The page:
Responsible Technology Australia (RTA) is calling for more transparency from social media platforms, after a series of misinformation campaigns have been circulating about COVID-19.
RTA executive director, Chris Cooper, said it was important for social media platforms to produce a live list of viral content about COVID, to show the public the volume of content.
“We have no clear picture on why people are refusing coronavirus tests (in Melbourne), but we do know that there are fast growing conspiracy theories hampering the government’s public health measures,” he said.
“Facebook and other social media platforms consistently say they are acting on misinformation, but they’ve never been transparent about the size or extent of the problem.”
University of Canberra Associate Professor, Michael Jensen, said while he agrees the platforms should be held to account, he was yet to see a correlation between the misinformation and tests refused.
“I have seen limited evidence of that. I don’t know how widescale that problem is, but I would say in hypothetical terms you can imagine a state actor taking advantage of that,” he said.
“Generally, I think it’s important to have a strong information environment and to protect that from distortions, and due diligence from Facebook is required for reporting these activities.”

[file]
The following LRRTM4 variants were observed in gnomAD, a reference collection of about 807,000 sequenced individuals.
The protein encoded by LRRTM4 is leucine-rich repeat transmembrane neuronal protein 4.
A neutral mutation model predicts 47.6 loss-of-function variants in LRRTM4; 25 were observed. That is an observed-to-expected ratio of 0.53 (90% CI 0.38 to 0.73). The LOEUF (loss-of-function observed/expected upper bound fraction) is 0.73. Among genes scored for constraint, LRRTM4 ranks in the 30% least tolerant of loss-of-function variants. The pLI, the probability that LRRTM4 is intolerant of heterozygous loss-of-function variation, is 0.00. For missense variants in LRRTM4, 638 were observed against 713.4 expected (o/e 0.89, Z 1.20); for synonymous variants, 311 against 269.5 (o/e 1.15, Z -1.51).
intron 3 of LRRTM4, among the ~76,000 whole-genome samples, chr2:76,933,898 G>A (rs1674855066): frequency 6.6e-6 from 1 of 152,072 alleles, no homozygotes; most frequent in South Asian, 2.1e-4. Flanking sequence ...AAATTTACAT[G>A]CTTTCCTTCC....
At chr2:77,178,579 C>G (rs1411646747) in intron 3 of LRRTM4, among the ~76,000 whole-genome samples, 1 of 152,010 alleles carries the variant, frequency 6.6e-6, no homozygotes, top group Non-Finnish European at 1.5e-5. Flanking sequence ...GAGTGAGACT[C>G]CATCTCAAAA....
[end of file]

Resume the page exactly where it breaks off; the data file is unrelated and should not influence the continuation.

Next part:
Many conspiracy theories are based around statements that the coronavirus is not real.
Mr Jensen said regulation would need to look at different contexts and categories of content.
“I think we need to put it in the context of our existing legal structures because that provides a legal justification for holding social media platforms to account,” he said.
“Do we want to empower an agency to decide what can be permissively said against political claims?
“There could be rules that say certain categories need to be transparent, but not necessarily all activity. Perhaps just pressure on entities to out communication campaigns that are directed at broad political settings but not persons.”
RTA said the current standards of accountability were not good enough.
“Every important service provider or industry in our country has an inspection and enforcement method except Facebook and other social media giants. It’s time for social media to grow up and respond to proper public oversight,” Mr Cooper said.
“Because regardless of how we use social media, or whether we use it at all – we are all affected by the current lack of accountability.”